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Last night, I listened to a program by someone who had been one of the top advertising photographers in our area for the last 20-25 years. He'd recently converted from Nikon to Canon after having been a Nikon guy since the '70's. His reasons for switching (and 100% of the ensuing conversation) had absolutely nothing to do with FF. It was about Canon's superior video abilities. If Pentax wants to compete, it's not enough for them to play catch-up with Canon/Nikon by coming out with a "me, too" FF camera. If they want to be a player...they need to start playing 'leap frog'.
08-10-2010, 08:33 AM   #173
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QuoteOriginally posted by openyourap Quote
It's not the same thing. Adapting a lens to a smaller format and/or registration distance is done all the time with simple adaptors. Decreasing the registration distance is a little more challenging, as it requires major lens/camera surgery or negotiation with the laws of physics
Why is a new mount for an EVIL system not the same thing as having a different one for the 645 & 645D. At least there is a K adapter for them. With EVIL, people want the registration distance reduced which rules out the current line of lenses. The FA 43 was adapted for the m39 mount but apparently they played games with the lens and merely integrated an adapter into the mount. Therefore, it still apparently has the registration distance of 45.46 instead of the 28.8 of the m39 rangefinder. I never said anything about "adapting" lenses. I said EVIL would result in a new line of lenses. unless it is an aps-c k-mount EVIL body, but based on physical constraints, 60mm is probably the thinnest they could build them.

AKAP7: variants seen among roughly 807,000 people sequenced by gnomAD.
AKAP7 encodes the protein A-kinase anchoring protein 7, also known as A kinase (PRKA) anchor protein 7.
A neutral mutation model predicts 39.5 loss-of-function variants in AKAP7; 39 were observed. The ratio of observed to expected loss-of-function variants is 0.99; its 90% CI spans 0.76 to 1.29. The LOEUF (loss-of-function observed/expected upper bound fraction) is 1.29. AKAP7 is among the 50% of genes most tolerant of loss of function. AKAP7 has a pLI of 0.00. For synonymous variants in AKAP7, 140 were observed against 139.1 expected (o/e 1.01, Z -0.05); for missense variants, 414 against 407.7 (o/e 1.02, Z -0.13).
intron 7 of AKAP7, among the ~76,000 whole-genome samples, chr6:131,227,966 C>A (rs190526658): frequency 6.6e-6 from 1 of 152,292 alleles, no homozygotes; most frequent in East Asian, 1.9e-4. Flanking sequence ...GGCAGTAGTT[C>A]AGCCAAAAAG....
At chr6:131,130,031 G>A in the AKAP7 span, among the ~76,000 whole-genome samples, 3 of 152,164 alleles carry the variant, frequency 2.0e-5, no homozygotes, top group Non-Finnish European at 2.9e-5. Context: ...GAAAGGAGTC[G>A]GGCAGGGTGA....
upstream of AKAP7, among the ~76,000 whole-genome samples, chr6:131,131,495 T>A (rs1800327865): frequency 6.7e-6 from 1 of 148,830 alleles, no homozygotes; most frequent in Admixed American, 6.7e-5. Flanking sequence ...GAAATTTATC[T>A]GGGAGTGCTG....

08-10-2010, 08:37 AM   #174
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QuoteOriginally posted by Christopher M.W.T Quote
I really wonder how many Pentax users that actively go on about wanting FF actually believe that a FF camera would instantly make them better photographers?
Same question can be applied to any new APS-C camera.
Do you think a new APS-C camera would instantly make them better photographers?
At least FF provides more advantages and higher flexibility to create a image.
08-10-2010, 08:42 AM   #175
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QuoteOriginally posted by Aristophanes Quote
At the bottom, repeated elsewhere:

Canon Rumors
This has come up before, but people seem to think Canon committed to a EVIL and they actual implied they were going to make smaller dSLR

QuoteQuote:
Maeda also said the company was working on a smaller version of its upmarket single-lens reflex (SLR) cameras in a bid to compete with the new breed of mid-range so-called “mirrorless” cameras launched by Sony Corp, Olympus Corp, and Panasonic Corp.